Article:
Veteran anti-war activists are joined by people from all walks of life united in opposition to the war on Iraq.

The scale of the anti-war demonstrations that have taken place around the world has catapulted public opinion to the epicentre of politics.

What united these people was opposition to this war in these circumstances.

Dublin had not seen a march of this scale since the tax marches of the 1970s. Speaking to Prime Time, protesters say that a demonstration of this size cannot be ignored. 

David Begg, General Secretary ICTU, says that Saddam Hussein is "Universally regarded as an evil force" but people believe that means to end his regime could result in a worse horror than the horrors that exist in Iraq today. 

Former US Diplomat George Dempsey is a supporter of George Bush's policy on Iraq and is critical of the protests taking place in Dublin and around the globe describing the protesters as 

The misguided led by the lunatics.

His views are refuted by protesters arguing that their views against the bombing of Iraq are supported by the United Nations and the weapons inspectors.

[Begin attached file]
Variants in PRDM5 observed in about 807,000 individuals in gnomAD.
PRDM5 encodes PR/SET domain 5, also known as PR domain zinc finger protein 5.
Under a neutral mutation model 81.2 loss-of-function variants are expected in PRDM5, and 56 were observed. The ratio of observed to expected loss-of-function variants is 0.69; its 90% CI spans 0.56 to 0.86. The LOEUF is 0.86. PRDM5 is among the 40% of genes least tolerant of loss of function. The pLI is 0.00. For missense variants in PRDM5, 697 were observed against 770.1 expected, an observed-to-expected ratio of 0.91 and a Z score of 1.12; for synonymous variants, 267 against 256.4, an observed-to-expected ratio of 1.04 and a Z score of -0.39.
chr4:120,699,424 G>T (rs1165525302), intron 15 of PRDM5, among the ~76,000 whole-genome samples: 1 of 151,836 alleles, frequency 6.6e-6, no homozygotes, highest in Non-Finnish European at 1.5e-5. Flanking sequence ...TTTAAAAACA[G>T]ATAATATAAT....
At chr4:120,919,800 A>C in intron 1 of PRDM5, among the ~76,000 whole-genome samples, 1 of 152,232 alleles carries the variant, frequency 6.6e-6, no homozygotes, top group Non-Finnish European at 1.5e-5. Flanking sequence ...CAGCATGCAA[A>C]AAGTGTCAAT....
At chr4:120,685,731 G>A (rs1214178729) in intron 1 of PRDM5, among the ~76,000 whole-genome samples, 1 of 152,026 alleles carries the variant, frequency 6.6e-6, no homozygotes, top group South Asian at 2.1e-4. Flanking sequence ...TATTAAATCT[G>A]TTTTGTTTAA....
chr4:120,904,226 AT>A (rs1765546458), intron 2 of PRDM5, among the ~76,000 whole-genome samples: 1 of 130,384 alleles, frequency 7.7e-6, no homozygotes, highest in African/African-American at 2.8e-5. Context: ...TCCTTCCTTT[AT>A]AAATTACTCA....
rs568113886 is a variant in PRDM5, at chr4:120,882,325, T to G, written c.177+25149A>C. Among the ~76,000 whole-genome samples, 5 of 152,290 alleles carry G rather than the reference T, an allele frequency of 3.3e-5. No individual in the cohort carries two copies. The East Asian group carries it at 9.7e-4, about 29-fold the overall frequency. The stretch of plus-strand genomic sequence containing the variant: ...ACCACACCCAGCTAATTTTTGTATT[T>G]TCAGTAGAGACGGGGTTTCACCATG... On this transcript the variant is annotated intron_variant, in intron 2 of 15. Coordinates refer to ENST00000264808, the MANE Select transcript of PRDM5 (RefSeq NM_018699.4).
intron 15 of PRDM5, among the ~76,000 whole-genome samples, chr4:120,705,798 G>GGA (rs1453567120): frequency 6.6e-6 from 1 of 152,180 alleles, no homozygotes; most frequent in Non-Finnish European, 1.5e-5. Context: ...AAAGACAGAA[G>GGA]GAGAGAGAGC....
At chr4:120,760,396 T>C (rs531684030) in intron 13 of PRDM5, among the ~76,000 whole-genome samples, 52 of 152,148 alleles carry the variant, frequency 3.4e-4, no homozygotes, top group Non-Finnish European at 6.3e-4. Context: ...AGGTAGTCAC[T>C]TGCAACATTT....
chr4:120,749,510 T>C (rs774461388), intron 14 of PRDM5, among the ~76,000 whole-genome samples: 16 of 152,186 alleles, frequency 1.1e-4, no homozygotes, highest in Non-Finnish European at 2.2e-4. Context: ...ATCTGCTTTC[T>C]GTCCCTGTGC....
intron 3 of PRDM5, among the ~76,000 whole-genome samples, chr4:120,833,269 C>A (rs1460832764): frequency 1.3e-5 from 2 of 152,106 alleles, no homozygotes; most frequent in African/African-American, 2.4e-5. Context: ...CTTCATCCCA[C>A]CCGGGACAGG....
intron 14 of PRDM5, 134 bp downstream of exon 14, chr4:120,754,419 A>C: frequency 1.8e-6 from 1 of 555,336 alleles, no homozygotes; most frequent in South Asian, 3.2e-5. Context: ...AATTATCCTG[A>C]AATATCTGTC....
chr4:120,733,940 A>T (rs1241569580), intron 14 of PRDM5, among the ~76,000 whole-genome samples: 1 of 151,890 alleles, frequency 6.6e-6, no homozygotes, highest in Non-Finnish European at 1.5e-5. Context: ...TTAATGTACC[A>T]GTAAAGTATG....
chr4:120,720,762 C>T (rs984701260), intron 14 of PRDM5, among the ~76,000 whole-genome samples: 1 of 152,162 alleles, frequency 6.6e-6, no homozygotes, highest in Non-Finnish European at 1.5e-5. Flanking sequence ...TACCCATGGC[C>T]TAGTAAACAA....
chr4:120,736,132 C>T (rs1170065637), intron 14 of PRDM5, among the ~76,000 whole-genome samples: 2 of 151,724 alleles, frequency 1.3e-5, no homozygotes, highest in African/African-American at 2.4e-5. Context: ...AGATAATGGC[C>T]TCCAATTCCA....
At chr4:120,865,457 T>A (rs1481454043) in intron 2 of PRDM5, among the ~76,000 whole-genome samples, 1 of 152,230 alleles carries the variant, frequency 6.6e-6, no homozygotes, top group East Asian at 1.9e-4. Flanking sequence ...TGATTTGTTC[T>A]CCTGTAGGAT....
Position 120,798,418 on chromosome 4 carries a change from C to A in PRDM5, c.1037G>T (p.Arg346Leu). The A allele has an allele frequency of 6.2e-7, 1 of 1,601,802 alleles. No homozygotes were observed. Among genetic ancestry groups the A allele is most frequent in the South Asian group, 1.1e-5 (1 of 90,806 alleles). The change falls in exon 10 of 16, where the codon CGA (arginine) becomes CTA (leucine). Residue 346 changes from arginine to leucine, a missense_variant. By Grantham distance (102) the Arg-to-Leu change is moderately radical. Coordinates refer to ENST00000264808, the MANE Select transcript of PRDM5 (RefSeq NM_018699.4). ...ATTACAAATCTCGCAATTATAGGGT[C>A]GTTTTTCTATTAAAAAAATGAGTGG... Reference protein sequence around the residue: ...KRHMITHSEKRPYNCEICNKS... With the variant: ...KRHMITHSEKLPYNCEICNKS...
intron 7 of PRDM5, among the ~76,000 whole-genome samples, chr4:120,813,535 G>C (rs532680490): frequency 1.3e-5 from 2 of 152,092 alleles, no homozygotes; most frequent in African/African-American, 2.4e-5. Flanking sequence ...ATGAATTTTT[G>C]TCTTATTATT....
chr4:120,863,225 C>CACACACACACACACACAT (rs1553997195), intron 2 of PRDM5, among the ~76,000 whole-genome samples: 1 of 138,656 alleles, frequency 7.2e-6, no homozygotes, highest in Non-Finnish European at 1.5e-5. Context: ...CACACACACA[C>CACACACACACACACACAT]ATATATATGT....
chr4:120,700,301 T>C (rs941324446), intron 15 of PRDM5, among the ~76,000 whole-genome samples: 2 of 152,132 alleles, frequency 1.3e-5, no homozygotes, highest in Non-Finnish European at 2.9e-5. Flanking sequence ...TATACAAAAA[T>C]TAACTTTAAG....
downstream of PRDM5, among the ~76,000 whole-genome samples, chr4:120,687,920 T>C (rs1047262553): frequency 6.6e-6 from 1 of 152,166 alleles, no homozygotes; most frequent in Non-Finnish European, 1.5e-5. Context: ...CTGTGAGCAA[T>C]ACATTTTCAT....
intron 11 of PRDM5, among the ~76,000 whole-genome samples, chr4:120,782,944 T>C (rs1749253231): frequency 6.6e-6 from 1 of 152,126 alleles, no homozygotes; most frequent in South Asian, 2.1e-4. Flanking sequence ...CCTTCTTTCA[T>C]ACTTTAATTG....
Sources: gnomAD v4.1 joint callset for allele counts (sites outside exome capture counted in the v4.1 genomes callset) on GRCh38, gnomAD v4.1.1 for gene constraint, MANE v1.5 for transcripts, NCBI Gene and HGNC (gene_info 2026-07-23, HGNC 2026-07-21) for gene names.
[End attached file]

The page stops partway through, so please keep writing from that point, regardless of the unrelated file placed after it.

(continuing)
For Mr Dempsey, these protests are being fuelled by anti-American sentiment rather than concern over the future of Iraq.


Most of those in favour of the war on Iraq deny that their reasons have anything to do with the region's vast oil reserves. Mr Dempsey questions the motivations of protesters chanting 'No Blood For Oil' an industry which he sees as fundamental to modern economies. He also says that Al-Qaeda will continue with their campaign of hatred for the west regardless of the war in Iraq. 


In London, over one million people turned out to march in protest at the UK's participation in the war and the outcome this will have. Cathal Courtney of the Unitarian Church and Professor Alex Callinicos of the University of York describe the level of fear that is rife in the UK. 

They see absolutely no justification for this war. It's that lack of moral imperative that's bringing people out onto the streets.

David Begg believes that if Europe is to be taken seriously it must develop a common foreign and military policy.

Europe, I believe, has the potential to be an ethical force in the world and a direct balance for the enormous military might and influence of the United States.

Another issue for protesters in Ireland is the continued use of Shannon Airport by the US military in the event of a war against Iraq.

This episode of 'Prime Time' was broadcast on 18 February 2003. The reporter is Donogh Diamond.